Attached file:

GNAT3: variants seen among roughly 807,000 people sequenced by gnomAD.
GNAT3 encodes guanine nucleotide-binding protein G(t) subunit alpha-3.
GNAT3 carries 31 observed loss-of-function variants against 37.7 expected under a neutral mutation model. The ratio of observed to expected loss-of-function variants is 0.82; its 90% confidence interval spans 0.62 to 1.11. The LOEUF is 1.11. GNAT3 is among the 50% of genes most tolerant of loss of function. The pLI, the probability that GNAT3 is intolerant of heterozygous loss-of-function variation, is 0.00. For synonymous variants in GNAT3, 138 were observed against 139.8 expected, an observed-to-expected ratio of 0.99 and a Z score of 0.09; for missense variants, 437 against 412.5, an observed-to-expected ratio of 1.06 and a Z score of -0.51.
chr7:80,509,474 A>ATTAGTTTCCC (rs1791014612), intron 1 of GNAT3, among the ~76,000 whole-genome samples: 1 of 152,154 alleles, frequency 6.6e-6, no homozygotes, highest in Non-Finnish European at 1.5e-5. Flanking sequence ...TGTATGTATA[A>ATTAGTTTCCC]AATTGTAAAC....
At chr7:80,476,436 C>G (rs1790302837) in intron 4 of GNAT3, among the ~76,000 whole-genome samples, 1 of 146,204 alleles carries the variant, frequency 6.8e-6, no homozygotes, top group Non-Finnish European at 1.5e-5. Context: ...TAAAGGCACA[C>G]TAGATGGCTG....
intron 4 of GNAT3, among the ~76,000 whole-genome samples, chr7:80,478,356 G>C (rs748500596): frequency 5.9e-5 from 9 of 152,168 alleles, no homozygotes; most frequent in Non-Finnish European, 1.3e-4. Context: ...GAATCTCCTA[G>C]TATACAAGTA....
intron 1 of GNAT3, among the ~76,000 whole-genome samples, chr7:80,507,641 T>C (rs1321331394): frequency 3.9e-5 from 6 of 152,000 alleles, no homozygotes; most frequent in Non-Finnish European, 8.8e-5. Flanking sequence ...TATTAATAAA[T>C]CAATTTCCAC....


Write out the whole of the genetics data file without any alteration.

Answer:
GNAT3: variants seen among roughly 807,000 people sequenced by gnomAD.
GNAT3 encodes guanine nucleotide-binding protein G(t) subunit alpha-3.
GNAT3 carries 31 observed loss-of-function variants against 37.7 expected under a neutral mutation model. The ratio of observed to expected loss-of-function variants is 0.82; its 90% confidence interval spans 0.62 to 1.11. The LOEUF is 1.11. GNAT3 is among the 50% of genes most tolerant of loss of function. The pLI, the probability that GNAT3 is intolerant of heterozygous loss-of-function variation, is 0.00. For synonymous variants in GNAT3, 138 were observed against 139.8 expected, an observed-to-expected ratio of 0.99 and a Z score of 0.09; for missense variants, 437 against 412.5, an observed-to-expected ratio of 1.06 and a Z score of -0.51.
chr7:80,509,474 A>ATTAGTTTCCC (rs1791014612), intron 1 of GNAT3, among the ~76,000 whole-genome samples: 1 of 152,154 alleles, frequency 6.6e-6, no homozygotes, highest in Non-Finnish European at 1.5e-5. Flanking sequence ...TGTATGTATA[A>ATTAGTTTCCC]AATTGTAAAC....
At chr7:80,476,436 C>G (rs1790302837) in intron 4 of GNAT3, among the ~76,000 whole-genome samples, 1 of 146,204 alleles carries the variant, frequency 6.8e-6, no homozygotes, top group Non-Finnish European at 1.5e-5. Context: ...TAAAGGCACA[C>G]TAGATGGCTG....
intron 4 of GNAT3, among the ~76,000 whole-genome samples, chr7:80,478,356 G>C (rs748500596): frequency 5.9e-5 from 9 of 152,168 alleles, no homozygotes; most frequent in Non-Finnish European, 1.3e-4. Context: ...GAATCTCCTA[G>C]TATACAAGTA....
intron 1 of GNAT3, among the ~76,000 whole-genome samples, chr7:80,507,641 T>C (rs1321331394): frequency 3.9e-5 from 6 of 152,000 alleles, no homozygotes; most frequent in Non-Finnish European, 8.8e-5. Flanking sequence ...TATTAATAAA[T>C]CAATTTCCAC....